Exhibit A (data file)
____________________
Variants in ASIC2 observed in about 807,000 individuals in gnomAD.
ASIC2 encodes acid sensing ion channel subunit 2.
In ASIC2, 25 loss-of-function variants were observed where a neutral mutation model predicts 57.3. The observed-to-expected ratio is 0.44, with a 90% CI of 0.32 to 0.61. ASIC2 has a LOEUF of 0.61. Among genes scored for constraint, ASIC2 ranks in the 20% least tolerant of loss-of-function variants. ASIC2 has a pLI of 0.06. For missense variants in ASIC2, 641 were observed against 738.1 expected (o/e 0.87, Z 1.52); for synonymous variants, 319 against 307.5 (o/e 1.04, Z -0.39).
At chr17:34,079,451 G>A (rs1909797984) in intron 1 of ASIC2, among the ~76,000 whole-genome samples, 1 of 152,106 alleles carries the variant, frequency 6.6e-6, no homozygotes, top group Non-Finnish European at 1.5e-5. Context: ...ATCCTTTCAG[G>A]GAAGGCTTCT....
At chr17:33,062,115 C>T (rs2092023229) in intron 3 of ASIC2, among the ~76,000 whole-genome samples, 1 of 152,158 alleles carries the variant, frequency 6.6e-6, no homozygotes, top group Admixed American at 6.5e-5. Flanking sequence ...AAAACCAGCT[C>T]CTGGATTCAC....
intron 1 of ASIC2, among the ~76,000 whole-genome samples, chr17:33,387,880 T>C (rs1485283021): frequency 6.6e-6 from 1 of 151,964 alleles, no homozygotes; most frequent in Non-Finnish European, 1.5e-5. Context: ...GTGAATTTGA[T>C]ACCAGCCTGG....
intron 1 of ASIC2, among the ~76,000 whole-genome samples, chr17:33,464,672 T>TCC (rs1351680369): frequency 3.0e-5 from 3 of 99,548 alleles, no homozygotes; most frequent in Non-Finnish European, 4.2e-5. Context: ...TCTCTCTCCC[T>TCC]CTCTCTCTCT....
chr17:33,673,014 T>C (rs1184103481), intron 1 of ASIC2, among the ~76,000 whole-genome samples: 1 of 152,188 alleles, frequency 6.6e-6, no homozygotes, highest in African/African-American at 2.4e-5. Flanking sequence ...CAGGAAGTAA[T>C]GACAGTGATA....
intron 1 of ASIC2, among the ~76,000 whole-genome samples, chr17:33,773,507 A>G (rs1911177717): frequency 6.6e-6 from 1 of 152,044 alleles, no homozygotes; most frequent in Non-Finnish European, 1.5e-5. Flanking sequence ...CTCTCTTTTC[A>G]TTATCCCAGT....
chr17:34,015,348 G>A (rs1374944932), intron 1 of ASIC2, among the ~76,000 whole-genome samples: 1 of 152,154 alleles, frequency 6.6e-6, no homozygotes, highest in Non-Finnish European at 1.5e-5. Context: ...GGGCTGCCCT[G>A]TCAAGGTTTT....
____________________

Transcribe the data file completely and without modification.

Variants in ASIC2 observed in about 807,000 individuals in gnomAD.
ASIC2 encodes acid sensing ion channel subunit 2.
In ASIC2, 25 loss-of-function variants were observed where a neutral mutation model predicts 57.3. The observed-to-expected ratio is 0.44, with a 90% CI of 0.32 to 0.61. ASIC2 has a LOEUF of 0.61. Among genes scored for constraint, ASIC2 ranks in the 20% least tolerant of loss-of-function variants. ASIC2 has a pLI of 0.06. For missense variants in ASIC2, 641 were observed against 738.1 expected (o/e 0.87, Z 1.52); for synonymous variants, 319 against 307.5 (o/e 1.04, Z -0.39).
At chr17:34,079,451 G>A (rs1909797984) in intron 1 of ASIC2, among the ~76,000 whole-genome samples, 1 of 152,106 alleles carries the variant, frequency 6.6e-6, no homozygotes, top group Non-Finnish European at 1.5e-5. Context: ...ATCCTTTCAG[G>A]GAAGGCTTCT....
At chr17:33,062,115 C>T (rs2092023229) in intron 3 of ASIC2, among the ~76,000 whole-genome samples, 1 of 152,158 alleles carries the variant, frequency 6.6e-6, no homozygotes, top group Admixed American at 6.5e-5. Flanking sequence ...AAAACCAGCT[C>T]CTGGATTCAC....
intron 1 of ASIC2, among the ~76,000 whole-genome samples, chr17:33,387,880 T>C (rs1485283021): frequency 6.6e-6 from 1 of 151,964 alleles, no homozygotes; most frequent in Non-Finnish European, 1.5e-5. Context: ...GTGAATTTGA[T>C]ACCAGCCTGG....
intron 1 of ASIC2, among the ~76,000 whole-genome samples, chr17:33,464,672 T>TCC (rs1351680369): frequency 3.0e-5 from 3 of 99,548 alleles, no homozygotes; most frequent in Non-Finnish European, 4.2e-5. Context: ...TCTCTCTCCC[T>TCC]CTCTCTCTCT....
chr17:33,673,014 T>C (rs1184103481), intron 1 of ASIC2, among the ~76,000 whole-genome samples: 1 of 152,188 alleles, frequency 6.6e-6, no homozygotes, highest in African/African-American at 2.4e-5. Flanking sequence ...CAGGAAGTAA[T>C]GACAGTGATA....
intron 1 of ASIC2, among the ~76,000 whole-genome samples, chr17:33,773,507 A>G (rs1911177717): frequency 6.6e-6 from 1 of 152,044 alleles, no homozygotes; most frequent in Non-Finnish European, 1.5e-5. Flanking sequence ...CTCTCTTTTC[A>G]TTATCCCAGT....
chr17:34,015,348 G>A (rs1374944932), intron 1 of ASIC2, among the ~76,000 whole-genome samples: 1 of 152,154 alleles, frequency 6.6e-6, no homozygotes, highest in Non-Finnish European at 1.5e-5. Context: ...GGGCTGCCCT[G>A]TCAAGGTTTT....